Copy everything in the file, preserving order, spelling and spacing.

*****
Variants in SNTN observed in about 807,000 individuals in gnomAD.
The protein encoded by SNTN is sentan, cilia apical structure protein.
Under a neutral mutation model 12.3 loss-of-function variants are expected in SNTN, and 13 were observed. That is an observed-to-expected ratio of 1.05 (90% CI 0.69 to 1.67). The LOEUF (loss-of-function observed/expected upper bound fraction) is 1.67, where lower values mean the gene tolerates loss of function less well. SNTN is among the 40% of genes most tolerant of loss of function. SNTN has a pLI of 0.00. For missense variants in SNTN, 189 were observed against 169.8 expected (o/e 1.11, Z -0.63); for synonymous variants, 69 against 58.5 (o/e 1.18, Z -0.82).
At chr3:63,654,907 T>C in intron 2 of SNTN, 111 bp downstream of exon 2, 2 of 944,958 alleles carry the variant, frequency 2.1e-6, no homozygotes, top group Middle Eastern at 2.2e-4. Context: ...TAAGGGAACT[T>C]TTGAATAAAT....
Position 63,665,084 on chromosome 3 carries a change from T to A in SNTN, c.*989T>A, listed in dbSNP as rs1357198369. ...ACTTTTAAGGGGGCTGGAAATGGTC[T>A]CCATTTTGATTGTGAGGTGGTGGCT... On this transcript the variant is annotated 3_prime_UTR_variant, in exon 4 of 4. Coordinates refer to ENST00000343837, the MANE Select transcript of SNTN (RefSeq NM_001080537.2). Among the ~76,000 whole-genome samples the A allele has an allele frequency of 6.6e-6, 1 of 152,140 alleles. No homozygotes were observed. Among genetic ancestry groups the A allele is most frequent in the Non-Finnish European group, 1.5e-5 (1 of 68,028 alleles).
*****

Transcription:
Variants in SNTN observed in about 807,000 individuals in gnomAD.
The protein encoded by SNTN is sentan, cilia apical structure protein.
Under a neutral mutation model 12.3 loss-of-function variants are expected in SNTN, and 13 were observed. That is an observed-to-expected ratio of 1.05 (90% CI 0.69 to 1.67). The LOEUF (loss-of-function observed/expected upper bound fraction) is 1.67, where lower values mean the gene tolerates loss of function less well. SNTN is among the 40% of genes most tolerant of loss of function. SNTN has a pLI of 0.00. For missense variants in SNTN, 189 were observed against 169.8 expected (o/e 1.11, Z -0.63); for synonymous variants, 69 against 58.5 (o/e 1.18, Z -0.82).
At chr3:63,654,907 T>C in intron 2 of SNTN, 111 bp downstream of exon 2, 2 of 944,958 alleles carry the variant, frequency 2.1e-6, no homozygotes, top group Middle Eastern at 2.2e-4. Context: ...TAAGGGAACT[T>C]TTGAATAAAT....
Position 63,665,084 on chromosome 3 carries a change from T to A in SNTN, c.*989T>A, listed in dbSNP as rs1357198369. ...ACTTTTAAGGGGGCTGGAAATGGTC[T>A]CCATTTTGATTGTGAGGTGGTGGCT... On this transcript the variant is annotated 3_prime_UTR_variant, in exon 4 of 4. Coordinates refer to ENST00000343837, the MANE Select transcript of SNTN (RefSeq NM_001080537.2). Among the ~76,000 whole-genome samples the A allele has an allele frequency of 6.6e-6, 1 of 152,140 alleles. No homozygotes were observed. Among genetic ancestry groups the A allele is most frequent in the Non-Finnish European group, 1.5e-5 (1 of 68,028 alleles).